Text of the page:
It’s funny how coincidences happen. I’d been thinking about posting something on this subject for a week or two, but clearly failed to get round to it. Then, a few days ago, the subject came up in a big way on a couple of other outdoor blogs.
Alan Sloman brought the topic to the fore in his blog “On Being Warm & Dry” where he discusses the merits of Paramo gear and keeping the weather at bay on even the most horrendous of days, such as we have seen recently here. Many outdoor enthusiasts had recently experienced a particularly rough weekend in the Yorkshire Dales, so it was fairly a topical discussion, too. Needless to say, the post elicited a huge mailbag of comments on the subject.
Another commentator, Alan Rayner (of A Blog On The Landscape), put his own thoughts down on the issue in his post “Waterproof Hiking Coat” (here) where he discusses the contradiction in searching for a garment that is both 100% waterproof and 100% breathable. Both articles are well worth a read.
So, ever keen (and unashamed!) to jump on a bandwagon, here are a few of my own thoughts.
Layering & Breathability
Based upon a couple of comments in earlier threads, I had already put the feelers out for a bit of feedback on one of the walking forums (here) to get some idea of the opinions and experiences of regular walkers of all types, but coming at it from a slightly different angle – that of layering.
I was beginning to wonder whether there may be a little confusion developing between the terms layering and breathability and the part each might play in the ability to control our temperature and wear climate in strenuous conditions.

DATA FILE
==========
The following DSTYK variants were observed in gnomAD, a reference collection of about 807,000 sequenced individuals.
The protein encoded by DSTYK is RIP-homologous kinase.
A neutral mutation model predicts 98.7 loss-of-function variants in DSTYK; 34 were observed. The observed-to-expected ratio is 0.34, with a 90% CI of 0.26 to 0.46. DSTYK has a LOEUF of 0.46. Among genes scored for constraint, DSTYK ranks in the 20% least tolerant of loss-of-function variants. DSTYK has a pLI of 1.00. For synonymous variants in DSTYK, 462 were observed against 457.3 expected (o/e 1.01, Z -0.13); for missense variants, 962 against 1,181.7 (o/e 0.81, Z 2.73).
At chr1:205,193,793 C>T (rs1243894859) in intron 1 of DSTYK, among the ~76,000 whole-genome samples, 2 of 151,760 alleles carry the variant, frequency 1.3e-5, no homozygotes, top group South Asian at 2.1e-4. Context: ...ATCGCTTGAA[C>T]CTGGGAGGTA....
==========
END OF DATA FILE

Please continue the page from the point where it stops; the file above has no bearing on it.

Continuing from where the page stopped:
In simple terms, Layering describes the use of various clothing layers to perform different functions in regulating your temperature and protecting you from the elements. Typically, this takes the form of a wicking base layer to move sweat away from the skin, a mid layer (or layers) for insulation purposes and an outer layer for protection against the elements. Breathability describes the layers’ subsequent ability to deal with the build up of that sweat.
Having said that, breathability alone will not compensate for wearing too many layers – often, layers have to added or subtracted to get the right combination for the prevailing conditions.
In Winter Conditions
It may at first seem counterintuitive, but winter is often the most testing time for gear – not just in terms of keeping the elements out, but also in respect of being able to moderate one’s temperature and, in particular, maintain breathability.
Even in wintertime you can get hot as you walk, and your body’s natural reaction to this overheating is to produce perspiration. In warm climates, this cools on the skin to help regulate body temperature. The trouble is this also happens when you work hard in cold conditions too, so sweat needs to be shifted away from the skin (to prevent over-cooling) in a process known as wicking. Wicking fabrics are always recommended for next-to-the-skin use as non-wicking materials (such as cotton) simply hold the moisture next to the skin, again resulting in over-cooling.